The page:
Monday, August 16, 2010

Retained Asset Accounts: Gibberish for Highway Robbery?

In a recent NPR story , we heard the voice of a father entitled to death benefits because his son was killed in the line of duty in Iraq or Afganistan. The man complained about the so-called “retained asset accounts” held by insurance companies instead of distributing the proceeds earned by the ultimate sacrifice of their loved ones in wartime.

The father noted the obvious: that insurance companies profiting from war dead is downright disgusting. The feeble rationalization from the insurance company was that this practice, which provided a checkbook to the beneficiaries, constituted “a convenient service at a time of emotional duress, and gives grieving families one less issue to deal with.” Hunh?? One less issue -- like, uh, a huge pile of cash? -- this was going to ease their emotional distress?? Until checks were written to deplete the account, the insurance company could invest the proceeds of this hard-earned (jeesh!) government benefit and make some dough.

Why is it OK for massive profit-taking in all the many realms in which it occurs? This obscene practice suggests that anything that can be quantified can be profitized, and that this is OK. Watch out! When you join the ranks of the unemployed in Colorado, please be advised that your meagre benefits would be reduced for fees charged against the major bank credit card that will be issued to provide your benefits---in a manner similar to the War Dead Insurance scam described in the NPR story. If you want the benefits, you not be given a choice to receive a lump-sum payment; and you'll have to withdraw the money through your bank after they deduct a fee if you wanted to use the money to, say, pay your (probably overdue) mortgage payment. Deducting the fee from all the unemployed throughout the State of Colorado undoubtedly provided a rather hefty sum to the bank, along with the use of the money of those who drew against it over time, in effect, reducing the amount of unemployment benefits available to help you off-set your lack of a paycheck.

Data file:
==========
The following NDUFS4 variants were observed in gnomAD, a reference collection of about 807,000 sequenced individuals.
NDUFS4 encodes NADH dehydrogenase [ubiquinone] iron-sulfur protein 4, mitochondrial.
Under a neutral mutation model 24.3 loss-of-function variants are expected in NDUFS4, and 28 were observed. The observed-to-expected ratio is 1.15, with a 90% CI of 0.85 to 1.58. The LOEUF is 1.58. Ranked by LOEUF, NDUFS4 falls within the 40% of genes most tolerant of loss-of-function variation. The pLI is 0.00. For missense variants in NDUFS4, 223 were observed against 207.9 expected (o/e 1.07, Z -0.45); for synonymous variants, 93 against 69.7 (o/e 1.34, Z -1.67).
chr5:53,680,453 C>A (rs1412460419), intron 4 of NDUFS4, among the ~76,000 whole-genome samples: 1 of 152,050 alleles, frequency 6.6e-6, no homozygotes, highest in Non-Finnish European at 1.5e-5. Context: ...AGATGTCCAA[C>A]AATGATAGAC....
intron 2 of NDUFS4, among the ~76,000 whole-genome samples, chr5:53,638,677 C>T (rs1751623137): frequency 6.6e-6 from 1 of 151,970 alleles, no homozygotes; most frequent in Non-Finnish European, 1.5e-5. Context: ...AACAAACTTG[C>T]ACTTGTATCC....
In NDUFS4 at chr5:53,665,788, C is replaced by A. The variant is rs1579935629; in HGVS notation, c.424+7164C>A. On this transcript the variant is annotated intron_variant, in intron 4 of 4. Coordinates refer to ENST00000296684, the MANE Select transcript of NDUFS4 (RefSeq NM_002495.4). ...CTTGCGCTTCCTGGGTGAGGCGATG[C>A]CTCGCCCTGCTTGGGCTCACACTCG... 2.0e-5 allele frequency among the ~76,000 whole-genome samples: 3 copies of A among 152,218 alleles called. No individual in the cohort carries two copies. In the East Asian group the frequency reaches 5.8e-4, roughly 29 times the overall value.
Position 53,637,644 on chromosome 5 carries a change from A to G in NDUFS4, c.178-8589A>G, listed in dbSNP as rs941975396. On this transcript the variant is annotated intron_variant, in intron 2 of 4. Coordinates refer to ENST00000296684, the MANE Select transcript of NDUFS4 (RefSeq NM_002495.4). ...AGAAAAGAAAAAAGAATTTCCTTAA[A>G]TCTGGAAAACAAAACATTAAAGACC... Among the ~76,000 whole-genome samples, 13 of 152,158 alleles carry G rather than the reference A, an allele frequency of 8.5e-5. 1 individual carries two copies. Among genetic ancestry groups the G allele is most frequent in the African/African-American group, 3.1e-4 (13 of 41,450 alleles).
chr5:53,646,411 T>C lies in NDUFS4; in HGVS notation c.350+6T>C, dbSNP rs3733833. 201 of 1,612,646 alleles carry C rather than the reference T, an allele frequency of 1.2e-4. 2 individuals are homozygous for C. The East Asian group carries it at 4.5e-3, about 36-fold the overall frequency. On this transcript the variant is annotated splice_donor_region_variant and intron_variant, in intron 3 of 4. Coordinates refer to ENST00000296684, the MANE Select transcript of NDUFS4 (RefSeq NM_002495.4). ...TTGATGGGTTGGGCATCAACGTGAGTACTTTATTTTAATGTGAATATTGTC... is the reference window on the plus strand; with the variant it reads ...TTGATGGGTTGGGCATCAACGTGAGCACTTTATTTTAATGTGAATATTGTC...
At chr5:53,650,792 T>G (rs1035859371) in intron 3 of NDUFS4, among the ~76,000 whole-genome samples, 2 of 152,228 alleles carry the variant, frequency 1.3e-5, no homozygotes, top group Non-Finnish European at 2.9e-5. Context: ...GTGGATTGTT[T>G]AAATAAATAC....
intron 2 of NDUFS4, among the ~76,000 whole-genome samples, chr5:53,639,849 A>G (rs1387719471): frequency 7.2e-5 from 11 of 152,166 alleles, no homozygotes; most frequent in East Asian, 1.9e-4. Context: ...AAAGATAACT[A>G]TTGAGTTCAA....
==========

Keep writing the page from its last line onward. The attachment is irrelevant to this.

And the disgust at our over-amped capitalism doesn’t really stop there. Why should someone profit from the fact that your home is freezing cold in winter? That your neighbor is unemployed? That you want to watch your TV? That your grandmother has been stricken with cancer?

If you think these questions are thoughtful, perhaps you should rethink your willingness to work for what you deserve.